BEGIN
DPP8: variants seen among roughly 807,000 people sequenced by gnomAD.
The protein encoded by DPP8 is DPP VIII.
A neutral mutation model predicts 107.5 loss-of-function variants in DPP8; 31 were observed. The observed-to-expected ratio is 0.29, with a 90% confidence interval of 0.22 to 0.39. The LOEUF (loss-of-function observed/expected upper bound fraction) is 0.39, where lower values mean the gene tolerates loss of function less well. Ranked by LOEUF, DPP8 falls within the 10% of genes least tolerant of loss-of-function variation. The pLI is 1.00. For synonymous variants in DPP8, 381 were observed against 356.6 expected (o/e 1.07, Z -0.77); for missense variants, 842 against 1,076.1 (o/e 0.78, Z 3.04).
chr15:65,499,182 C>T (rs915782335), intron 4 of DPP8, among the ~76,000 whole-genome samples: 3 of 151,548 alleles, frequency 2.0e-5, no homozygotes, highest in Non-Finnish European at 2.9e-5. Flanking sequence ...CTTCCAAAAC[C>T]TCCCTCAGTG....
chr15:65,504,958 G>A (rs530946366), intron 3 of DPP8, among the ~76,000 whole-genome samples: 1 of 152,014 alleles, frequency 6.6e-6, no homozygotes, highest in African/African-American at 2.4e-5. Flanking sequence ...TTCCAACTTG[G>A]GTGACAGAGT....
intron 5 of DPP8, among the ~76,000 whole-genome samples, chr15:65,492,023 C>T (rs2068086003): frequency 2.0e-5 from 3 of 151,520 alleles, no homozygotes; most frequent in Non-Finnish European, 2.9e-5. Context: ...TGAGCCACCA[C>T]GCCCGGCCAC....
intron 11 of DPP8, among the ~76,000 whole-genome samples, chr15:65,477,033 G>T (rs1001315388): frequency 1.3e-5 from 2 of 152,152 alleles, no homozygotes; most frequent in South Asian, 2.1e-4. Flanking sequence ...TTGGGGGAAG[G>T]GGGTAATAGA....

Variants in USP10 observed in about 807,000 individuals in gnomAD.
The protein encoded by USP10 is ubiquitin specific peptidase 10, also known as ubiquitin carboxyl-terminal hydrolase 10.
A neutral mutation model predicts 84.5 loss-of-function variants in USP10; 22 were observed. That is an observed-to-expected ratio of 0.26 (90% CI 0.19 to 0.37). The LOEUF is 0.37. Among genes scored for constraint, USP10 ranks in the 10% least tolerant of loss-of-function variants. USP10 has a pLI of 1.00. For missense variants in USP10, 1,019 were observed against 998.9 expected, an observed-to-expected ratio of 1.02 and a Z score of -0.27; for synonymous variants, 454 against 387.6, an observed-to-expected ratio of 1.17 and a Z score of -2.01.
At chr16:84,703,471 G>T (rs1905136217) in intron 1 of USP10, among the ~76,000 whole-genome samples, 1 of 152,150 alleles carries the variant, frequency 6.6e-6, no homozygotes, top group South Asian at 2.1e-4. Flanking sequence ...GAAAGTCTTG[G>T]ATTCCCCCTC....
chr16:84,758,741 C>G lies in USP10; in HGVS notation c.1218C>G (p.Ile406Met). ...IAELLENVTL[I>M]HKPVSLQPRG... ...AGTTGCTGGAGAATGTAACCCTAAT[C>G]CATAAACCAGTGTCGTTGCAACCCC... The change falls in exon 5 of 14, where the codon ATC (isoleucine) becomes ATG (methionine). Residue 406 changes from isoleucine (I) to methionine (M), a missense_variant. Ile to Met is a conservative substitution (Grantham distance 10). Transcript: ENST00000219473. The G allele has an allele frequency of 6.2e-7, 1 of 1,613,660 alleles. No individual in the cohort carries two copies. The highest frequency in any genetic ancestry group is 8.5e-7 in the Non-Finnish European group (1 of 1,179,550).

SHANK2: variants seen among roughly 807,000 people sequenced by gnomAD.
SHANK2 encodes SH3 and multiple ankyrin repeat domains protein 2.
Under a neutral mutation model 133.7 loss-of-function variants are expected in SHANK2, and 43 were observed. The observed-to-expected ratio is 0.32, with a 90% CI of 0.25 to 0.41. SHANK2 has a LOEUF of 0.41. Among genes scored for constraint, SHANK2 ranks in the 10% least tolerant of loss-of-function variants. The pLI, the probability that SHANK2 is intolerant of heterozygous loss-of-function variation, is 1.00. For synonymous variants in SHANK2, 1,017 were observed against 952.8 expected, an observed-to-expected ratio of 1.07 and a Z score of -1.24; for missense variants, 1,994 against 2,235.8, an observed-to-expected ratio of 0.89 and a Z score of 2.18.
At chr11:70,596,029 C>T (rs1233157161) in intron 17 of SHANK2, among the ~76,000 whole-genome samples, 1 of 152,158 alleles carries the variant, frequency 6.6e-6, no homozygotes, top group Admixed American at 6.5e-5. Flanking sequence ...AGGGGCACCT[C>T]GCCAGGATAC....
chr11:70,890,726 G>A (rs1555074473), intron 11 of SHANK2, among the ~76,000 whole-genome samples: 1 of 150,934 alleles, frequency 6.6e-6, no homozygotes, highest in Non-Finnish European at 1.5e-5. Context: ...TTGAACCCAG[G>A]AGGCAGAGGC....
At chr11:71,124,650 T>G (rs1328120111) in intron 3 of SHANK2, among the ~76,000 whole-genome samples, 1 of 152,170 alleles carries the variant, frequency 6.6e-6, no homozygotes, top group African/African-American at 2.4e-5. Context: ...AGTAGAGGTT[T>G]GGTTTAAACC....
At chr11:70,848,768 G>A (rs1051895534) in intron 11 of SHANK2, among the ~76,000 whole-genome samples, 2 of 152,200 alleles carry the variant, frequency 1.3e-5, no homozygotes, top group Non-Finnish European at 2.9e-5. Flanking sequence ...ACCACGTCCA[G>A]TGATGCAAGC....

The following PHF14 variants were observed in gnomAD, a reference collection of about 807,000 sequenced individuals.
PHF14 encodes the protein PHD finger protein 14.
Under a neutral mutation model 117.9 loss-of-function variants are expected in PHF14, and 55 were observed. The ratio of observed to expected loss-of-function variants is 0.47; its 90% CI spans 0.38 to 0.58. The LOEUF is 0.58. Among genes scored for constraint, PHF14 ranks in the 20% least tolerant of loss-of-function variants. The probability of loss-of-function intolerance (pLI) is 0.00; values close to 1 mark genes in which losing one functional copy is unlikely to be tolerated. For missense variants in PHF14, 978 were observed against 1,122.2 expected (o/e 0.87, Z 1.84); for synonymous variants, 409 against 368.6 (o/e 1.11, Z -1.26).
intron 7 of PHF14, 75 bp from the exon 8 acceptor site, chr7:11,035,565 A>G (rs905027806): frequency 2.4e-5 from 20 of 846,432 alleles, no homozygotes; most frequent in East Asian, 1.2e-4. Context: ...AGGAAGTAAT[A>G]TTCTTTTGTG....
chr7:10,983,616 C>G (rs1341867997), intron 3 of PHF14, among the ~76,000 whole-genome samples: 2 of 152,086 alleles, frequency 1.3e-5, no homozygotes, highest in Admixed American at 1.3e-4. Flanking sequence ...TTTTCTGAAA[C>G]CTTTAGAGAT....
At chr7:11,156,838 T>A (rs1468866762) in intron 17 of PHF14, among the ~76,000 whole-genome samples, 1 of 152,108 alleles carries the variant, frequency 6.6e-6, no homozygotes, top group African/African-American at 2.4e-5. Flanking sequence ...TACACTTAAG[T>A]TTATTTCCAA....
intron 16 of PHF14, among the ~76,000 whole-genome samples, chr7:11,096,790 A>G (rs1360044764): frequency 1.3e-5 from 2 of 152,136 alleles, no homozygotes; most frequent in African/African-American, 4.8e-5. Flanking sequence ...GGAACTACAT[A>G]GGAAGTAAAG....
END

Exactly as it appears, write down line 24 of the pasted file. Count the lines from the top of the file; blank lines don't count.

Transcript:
chr7:10,983,616 C>G (rs1341867997), intron 3 of PHF14, among the ~76,000 whole-genome samples: 2 of 152,086 alleles, frequency 1.3e-5, no homozygotes, highest in Admixed American at 1.3e-4. Flanking sequence ...TTTTCTGAAA[C>G]CTTTAGAGAT....